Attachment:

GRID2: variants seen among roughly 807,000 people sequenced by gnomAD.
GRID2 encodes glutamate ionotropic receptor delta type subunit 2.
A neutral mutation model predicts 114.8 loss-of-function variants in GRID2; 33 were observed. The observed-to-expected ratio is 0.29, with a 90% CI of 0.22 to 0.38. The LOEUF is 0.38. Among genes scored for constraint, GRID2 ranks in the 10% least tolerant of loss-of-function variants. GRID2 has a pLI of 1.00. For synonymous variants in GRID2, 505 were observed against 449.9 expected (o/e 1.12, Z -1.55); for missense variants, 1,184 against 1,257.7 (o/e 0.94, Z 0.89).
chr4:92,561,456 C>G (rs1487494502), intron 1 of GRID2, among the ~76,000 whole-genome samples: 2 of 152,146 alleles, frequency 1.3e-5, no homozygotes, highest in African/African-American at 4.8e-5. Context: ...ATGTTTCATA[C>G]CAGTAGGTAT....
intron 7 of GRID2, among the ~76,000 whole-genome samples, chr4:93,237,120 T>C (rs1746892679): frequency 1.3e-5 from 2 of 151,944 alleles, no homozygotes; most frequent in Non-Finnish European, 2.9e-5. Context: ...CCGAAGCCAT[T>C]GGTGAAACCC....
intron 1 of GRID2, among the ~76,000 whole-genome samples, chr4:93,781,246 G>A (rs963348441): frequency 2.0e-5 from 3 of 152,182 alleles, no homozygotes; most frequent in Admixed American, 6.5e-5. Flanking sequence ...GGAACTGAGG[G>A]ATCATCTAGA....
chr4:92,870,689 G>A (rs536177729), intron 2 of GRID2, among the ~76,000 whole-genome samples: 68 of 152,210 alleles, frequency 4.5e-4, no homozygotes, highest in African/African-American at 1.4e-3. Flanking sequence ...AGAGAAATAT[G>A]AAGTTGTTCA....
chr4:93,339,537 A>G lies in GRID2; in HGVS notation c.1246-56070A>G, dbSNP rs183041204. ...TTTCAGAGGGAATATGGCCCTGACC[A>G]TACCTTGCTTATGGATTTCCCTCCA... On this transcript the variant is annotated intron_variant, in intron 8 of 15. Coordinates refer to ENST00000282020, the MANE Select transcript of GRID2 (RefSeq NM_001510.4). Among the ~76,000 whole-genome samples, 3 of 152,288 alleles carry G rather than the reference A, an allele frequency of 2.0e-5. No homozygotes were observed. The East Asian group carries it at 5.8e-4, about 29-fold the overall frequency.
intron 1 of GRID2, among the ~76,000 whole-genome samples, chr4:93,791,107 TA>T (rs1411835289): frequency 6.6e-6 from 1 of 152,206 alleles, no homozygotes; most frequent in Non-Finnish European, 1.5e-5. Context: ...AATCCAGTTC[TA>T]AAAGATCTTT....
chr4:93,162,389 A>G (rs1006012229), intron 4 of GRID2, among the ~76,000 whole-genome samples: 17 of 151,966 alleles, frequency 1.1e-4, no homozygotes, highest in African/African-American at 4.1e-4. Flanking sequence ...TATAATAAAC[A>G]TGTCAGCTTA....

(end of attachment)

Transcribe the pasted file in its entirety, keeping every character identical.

GRID2: variants seen among roughly 807,000 people sequenced by gnomAD.
GRID2 encodes glutamate ionotropic receptor delta type subunit 2.
A neutral mutation model predicts 114.8 loss-of-function variants in GRID2; 33 were observed. The observed-to-expected ratio is 0.29, with a 90% CI of 0.22 to 0.38. The LOEUF is 0.38. Among genes scored for constraint, GRID2 ranks in the 10% least tolerant of loss-of-function variants. GRID2 has a pLI of 1.00. For synonymous variants in GRID2, 505 were observed against 449.9 expected (o/e 1.12, Z -1.55); for missense variants, 1,184 against 1,257.7 (o/e 0.94, Z 0.89).
chr4:92,561,456 C>G (rs1487494502), intron 1 of GRID2, among the ~76,000 whole-genome samples: 2 of 152,146 alleles, frequency 1.3e-5, no homozygotes, highest in African/African-American at 4.8e-5. Context: ...ATGTTTCATA[C>G]CAGTAGGTAT....
intron 7 of GRID2, among the ~76,000 whole-genome samples, chr4:93,237,120 T>C (rs1746892679): frequency 1.3e-5 from 2 of 151,944 alleles, no homozygotes; most frequent in Non-Finnish European, 2.9e-5. Context: ...CCGAAGCCAT[T>C]GGTGAAACCC....
intron 1 of GRID2, among the ~76,000 whole-genome samples, chr4:93,781,246 G>A (rs963348441): frequency 2.0e-5 from 3 of 152,182 alleles, no homozygotes; most frequent in Admixed American, 6.5e-5. Flanking sequence ...GGAACTGAGG[G>A]ATCATCTAGA....
chr4:92,870,689 G>A (rs536177729), intron 2 of GRID2, among the ~76,000 whole-genome samples: 68 of 152,210 alleles, frequency 4.5e-4, no homozygotes, highest in African/African-American at 1.4e-3. Flanking sequence ...AGAGAAATAT[G>A]AAGTTGTTCA....
chr4:93,339,537 A>G lies in GRID2; in HGVS notation c.1246-56070A>G, dbSNP rs183041204. ...TTTCAGAGGGAATATGGCCCTGACC[A>G]TACCTTGCTTATGGATTTCCCTCCA... On this transcript the variant is annotated intron_variant, in intron 8 of 15. Coordinates refer to ENST00000282020, the MANE Select transcript of GRID2 (RefSeq NM_001510.4). Among the ~76,000 whole-genome samples, 3 of 152,288 alleles carry G rather than the reference A, an allele frequency of 2.0e-5. No homozygotes were observed. The East Asian group carries it at 5.8e-4, about 29-fold the overall frequency.
intron 1 of GRID2, among the ~76,000 whole-genome samples, chr4:93,791,107 TA>T (rs1411835289): frequency 6.6e-6 from 1 of 152,206 alleles, no homozygotes; most frequent in Non-Finnish European, 1.5e-5. Context: ...AATCCAGTTC[TA>T]AAAGATCTTT....
chr4:93,162,389 A>G (rs1006012229), intron 4 of GRID2, among the ~76,000 whole-genome samples: 17 of 151,966 alleles, frequency 1.1e-4, no homozygotes, highest in African/African-American at 4.1e-4. Flanking sequence ...TATAATAAAC[A>G]TGTCAGCTTA....